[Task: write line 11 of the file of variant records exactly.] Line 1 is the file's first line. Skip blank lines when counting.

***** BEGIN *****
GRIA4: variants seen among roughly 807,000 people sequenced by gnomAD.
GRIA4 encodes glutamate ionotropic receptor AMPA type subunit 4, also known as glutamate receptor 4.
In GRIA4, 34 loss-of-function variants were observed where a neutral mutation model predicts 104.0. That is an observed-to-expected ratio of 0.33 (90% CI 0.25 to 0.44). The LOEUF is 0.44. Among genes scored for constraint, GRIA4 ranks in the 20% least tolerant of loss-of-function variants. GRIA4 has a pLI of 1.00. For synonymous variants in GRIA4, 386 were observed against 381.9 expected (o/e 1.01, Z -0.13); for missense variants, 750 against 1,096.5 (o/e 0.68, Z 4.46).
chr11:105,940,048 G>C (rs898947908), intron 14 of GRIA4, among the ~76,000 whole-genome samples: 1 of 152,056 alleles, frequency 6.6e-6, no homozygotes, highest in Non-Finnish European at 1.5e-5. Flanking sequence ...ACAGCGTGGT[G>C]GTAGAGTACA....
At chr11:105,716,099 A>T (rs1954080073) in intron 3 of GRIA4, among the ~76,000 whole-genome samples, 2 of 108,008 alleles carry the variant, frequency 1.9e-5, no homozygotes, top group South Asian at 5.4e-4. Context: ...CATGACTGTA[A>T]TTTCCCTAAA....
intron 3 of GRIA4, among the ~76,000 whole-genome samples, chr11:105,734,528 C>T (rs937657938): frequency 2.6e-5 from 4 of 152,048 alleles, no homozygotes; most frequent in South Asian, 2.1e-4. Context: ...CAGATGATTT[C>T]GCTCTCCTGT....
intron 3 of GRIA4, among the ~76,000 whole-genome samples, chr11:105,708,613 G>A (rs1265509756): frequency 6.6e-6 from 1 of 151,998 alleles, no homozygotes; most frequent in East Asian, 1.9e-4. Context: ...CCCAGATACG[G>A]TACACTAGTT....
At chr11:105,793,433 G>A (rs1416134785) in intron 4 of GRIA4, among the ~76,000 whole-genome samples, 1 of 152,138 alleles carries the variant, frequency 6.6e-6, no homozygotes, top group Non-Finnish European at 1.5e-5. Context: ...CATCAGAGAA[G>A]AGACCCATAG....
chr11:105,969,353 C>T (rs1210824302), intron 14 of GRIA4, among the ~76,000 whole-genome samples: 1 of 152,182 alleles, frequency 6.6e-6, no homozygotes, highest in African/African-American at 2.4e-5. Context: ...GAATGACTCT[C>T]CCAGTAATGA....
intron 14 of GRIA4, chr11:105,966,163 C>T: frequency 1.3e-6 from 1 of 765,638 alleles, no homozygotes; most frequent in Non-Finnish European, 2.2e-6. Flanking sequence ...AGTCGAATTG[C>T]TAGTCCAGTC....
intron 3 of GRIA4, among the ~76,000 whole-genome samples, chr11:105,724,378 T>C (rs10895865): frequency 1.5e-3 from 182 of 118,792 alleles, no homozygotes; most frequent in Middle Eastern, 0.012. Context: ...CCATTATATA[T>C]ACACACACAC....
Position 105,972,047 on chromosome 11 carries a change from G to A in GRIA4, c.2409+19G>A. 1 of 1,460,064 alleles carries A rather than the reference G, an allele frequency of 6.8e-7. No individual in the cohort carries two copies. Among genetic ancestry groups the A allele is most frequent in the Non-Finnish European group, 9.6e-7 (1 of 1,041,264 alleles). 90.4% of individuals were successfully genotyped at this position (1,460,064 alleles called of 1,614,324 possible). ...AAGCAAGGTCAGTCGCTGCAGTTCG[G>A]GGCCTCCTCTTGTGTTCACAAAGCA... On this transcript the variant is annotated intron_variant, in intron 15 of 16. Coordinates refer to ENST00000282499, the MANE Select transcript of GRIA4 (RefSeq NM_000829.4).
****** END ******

intron 3 of GRIA4, among the ~76,000 whole-genome samples, chr11:105,724,378 T>C (rs10895865): frequency 1.5e-3 from 182 of 118,792 alleles, no homozygotes; most frequent in Middle Eastern, 0.012. Context: ...CCATTATATA[T>C]ACACACACAC....